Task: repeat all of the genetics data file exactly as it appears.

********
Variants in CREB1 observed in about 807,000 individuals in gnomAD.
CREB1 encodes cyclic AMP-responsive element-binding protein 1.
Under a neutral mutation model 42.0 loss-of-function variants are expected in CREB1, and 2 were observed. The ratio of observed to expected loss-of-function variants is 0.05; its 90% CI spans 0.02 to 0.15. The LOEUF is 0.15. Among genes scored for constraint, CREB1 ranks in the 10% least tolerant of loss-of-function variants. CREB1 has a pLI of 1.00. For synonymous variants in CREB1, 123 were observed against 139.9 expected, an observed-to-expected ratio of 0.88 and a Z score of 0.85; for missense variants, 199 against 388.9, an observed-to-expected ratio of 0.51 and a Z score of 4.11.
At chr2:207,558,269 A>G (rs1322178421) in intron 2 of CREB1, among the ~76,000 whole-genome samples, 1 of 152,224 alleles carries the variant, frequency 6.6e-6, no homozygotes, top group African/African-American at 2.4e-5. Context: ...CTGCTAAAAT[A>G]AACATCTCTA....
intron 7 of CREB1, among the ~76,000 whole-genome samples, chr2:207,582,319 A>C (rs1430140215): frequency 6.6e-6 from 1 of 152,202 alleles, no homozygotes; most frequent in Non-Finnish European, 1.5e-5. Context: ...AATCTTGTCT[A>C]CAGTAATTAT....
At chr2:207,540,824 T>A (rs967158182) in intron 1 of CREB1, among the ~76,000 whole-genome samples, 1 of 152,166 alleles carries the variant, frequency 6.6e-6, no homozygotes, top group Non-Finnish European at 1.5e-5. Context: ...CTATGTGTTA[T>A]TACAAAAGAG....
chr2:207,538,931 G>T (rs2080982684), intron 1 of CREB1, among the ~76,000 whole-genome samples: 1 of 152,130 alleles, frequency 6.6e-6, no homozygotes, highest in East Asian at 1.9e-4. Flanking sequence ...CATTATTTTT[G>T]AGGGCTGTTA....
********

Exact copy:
Variants in CREB1 observed in about 807,000 individuals in gnomAD.
CREB1 encodes cyclic AMP-responsive element-binding protein 1.
Under a neutral mutation model 42.0 loss-of-function variants are expected in CREB1, and 2 were observed. The ratio of observed to expected loss-of-function variants is 0.05; its 90% CI spans 0.02 to 0.15. The LOEUF is 0.15. Among genes scored for constraint, CREB1 ranks in the 10% least tolerant of loss-of-function variants. CREB1 has a pLI of 1.00. For synonymous variants in CREB1, 123 were observed against 139.9 expected, an observed-to-expected ratio of 0.88 and a Z score of 0.85; for missense variants, 199 against 388.9, an observed-to-expected ratio of 0.51 and a Z score of 4.11.
At chr2:207,558,269 A>G (rs1322178421) in intron 2 of CREB1, among the ~76,000 whole-genome samples, 1 of 152,224 alleles carries the variant, frequency 6.6e-6, no homozygotes, top group African/African-American at 2.4e-5. Context: ...CTGCTAAAAT[A>G]AACATCTCTA....
intron 7 of CREB1, among the ~76,000 whole-genome samples, chr2:207,582,319 A>C (rs1430140215): frequency 6.6e-6 from 1 of 152,202 alleles, no homozygotes; most frequent in Non-Finnish European, 1.5e-5. Context: ...AATCTTGTCT[A>C]CAGTAATTAT....
At chr2:207,540,824 T>A (rs967158182) in intron 1 of CREB1, among the ~76,000 whole-genome samples, 1 of 152,166 alleles carries the variant, frequency 6.6e-6, no homozygotes, top group Non-Finnish European at 1.5e-5. Context: ...CTATGTGTTA[T>A]TACAAAAGAG....
chr2:207,538,931 G>T (rs2080982684), intron 1 of CREB1, among the ~76,000 whole-genome samples: 1 of 152,130 alleles, frequency 6.6e-6, no homozygotes, highest in East Asian at 1.9e-4. Flanking sequence ...CATTATTTTT[G>T]AGGGCTGTTA....